Colorado Coalition for Healthy Soils

Colorado’s diverse agricultural sector has a long legacy of land stewardship. In particular, farmers and ranchers across the state employ practices to manage and improve the health of their soil – practices which, in turn, minimize overhead costs, conserve water, reduce erosion, and increase yields. Over the past few years, many voices from Colorado’s farming and ranching communities have begun exploring ways that these management practices can be recognized and incentivized at a statewide level.

We believe that the time is right to unite these voices into a results-based collaborative that will guide the development of policies and programs to improve soil health on Colorado’s farm and ranch land.

Specifically, the Colorado Collaborative for Healthy Soils (CCHS) will:

  1. Convene stakeholders from multiple arenas. CCHS will be a forum for farmers, researchers, local practitioners, service providers, and policymakers to come together as we consider the best path forward for soil health policies and programs in Colorado.

  2. Gain input from a broad group of Colorado farmers and ranchers. CCHS aims to represent the diversity of the state’s agricultural community. As such, we seek participation from a wide spectrum of farmers and ranchers and are committed to remaining non-ideological and results-oriented. 

  3. Evaluate and synthesize program and policy options. CCHS members will work together to combine best practices from other states, proposals from coalition members, and stakeholder feedback into a consensus vision for soil health programming and policy that will benefit the greatest number of farmers and ranchers across the state.

  4. Guide our vision through legislative and rulemaking processes. CCHS members will work with CDA to provide feedback and input to its soil health program, and will draft language for a bill, identify sponsors, and gather stakeholders to testify as necessary.

Join the Collaborative 

As a trusted member of Colorado’s agricultural community, we value your input and think that you would make an ideal member of CCHA. Here’s what membership in the Collaborative would entail:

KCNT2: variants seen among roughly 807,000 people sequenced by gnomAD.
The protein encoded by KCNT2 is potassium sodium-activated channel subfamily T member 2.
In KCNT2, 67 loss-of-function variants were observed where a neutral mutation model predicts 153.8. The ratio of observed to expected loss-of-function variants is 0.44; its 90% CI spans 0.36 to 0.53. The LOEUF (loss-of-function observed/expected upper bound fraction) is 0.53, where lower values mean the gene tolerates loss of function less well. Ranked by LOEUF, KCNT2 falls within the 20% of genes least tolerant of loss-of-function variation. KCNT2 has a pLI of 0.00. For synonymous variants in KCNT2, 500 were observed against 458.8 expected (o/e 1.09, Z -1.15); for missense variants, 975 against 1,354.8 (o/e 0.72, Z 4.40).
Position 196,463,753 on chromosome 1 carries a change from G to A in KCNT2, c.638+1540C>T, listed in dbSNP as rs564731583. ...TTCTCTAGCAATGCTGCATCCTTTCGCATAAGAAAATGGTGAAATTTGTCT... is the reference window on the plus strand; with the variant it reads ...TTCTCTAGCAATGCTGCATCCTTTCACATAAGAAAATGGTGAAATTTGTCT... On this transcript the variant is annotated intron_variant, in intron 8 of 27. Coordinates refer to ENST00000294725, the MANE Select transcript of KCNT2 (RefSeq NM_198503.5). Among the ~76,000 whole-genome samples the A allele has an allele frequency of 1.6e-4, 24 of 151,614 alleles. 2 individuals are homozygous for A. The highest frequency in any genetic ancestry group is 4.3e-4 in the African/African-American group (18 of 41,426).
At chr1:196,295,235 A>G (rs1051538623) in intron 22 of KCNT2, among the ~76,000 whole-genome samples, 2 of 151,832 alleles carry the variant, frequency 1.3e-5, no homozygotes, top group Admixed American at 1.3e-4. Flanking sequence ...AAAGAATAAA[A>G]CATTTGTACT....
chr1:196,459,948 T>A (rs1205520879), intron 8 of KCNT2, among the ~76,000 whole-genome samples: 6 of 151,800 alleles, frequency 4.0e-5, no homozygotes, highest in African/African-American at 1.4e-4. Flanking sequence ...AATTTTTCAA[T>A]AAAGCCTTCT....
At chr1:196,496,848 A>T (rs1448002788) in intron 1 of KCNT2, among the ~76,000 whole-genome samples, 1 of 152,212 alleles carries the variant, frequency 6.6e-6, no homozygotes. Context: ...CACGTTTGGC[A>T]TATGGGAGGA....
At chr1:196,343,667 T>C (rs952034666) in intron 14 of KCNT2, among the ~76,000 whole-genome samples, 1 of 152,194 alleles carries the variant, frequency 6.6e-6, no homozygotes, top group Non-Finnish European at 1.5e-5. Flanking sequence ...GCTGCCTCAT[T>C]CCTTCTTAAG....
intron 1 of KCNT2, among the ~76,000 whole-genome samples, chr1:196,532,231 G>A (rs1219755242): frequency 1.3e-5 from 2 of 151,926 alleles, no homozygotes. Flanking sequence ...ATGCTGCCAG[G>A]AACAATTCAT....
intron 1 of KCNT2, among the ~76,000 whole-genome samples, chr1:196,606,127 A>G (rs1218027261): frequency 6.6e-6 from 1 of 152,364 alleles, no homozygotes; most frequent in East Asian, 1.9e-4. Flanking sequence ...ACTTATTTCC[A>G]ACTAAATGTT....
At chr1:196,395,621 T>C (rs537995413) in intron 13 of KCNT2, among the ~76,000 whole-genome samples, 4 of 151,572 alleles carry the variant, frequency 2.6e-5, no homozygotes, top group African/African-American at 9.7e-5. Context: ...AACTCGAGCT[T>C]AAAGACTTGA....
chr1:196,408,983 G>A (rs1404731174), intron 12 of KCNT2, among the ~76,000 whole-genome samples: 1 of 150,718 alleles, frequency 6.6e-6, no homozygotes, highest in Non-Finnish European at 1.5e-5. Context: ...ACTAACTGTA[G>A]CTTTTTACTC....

• Active participation (either in-person or remote) in Collaborative meetings, held for two hours once a month between August 2019 and May 2020.

  • Membership in a relevant working group that will advance our priorities between meetings. Working group topics and chairs will be determined at our August meeting. 

  • Engaging your network at relevant steps in the process.

A wide group of stakeholders, including National Young Farmers Coalition, Cattlemans, Rocky Mountain Farmers Union, The Colorado Farm Bureau, Colorado Corn Growers, Savory Institute, Holistic Management International, The Nature Conservancy, and many more, met last month to see if there was a shared interest in proceeding further. The outstanding turnout was certainly an indication that there is interest in exploring a range of options for the state. At the same time, it was also clear that we need a broader mix of voices that represent the full range of Colorado farms and ranches. In particular, we need more representation from outside the Front Range. Please forward this invitation along to help us make sure our August meeting has the right people in the room.

If you’re interested in learning more, you can participate in our August meeting with no commitment to further participation. There will be an option to officially join the Collaborative in September. We’ll be meeting mid-August 2019 at the Colorado Department of Agriculture (305 Interlocken Pkwy, Broomfield). At the meeting, we will:

  • Establish working groups and nominate leaders for each group

  • Learn about legislation that has occurred in other states

  • Discuss possible definitions for soil health / principles

  • Discuss governance structure, roles and timeline in detail

To RSVP, email max@madagriculture.org.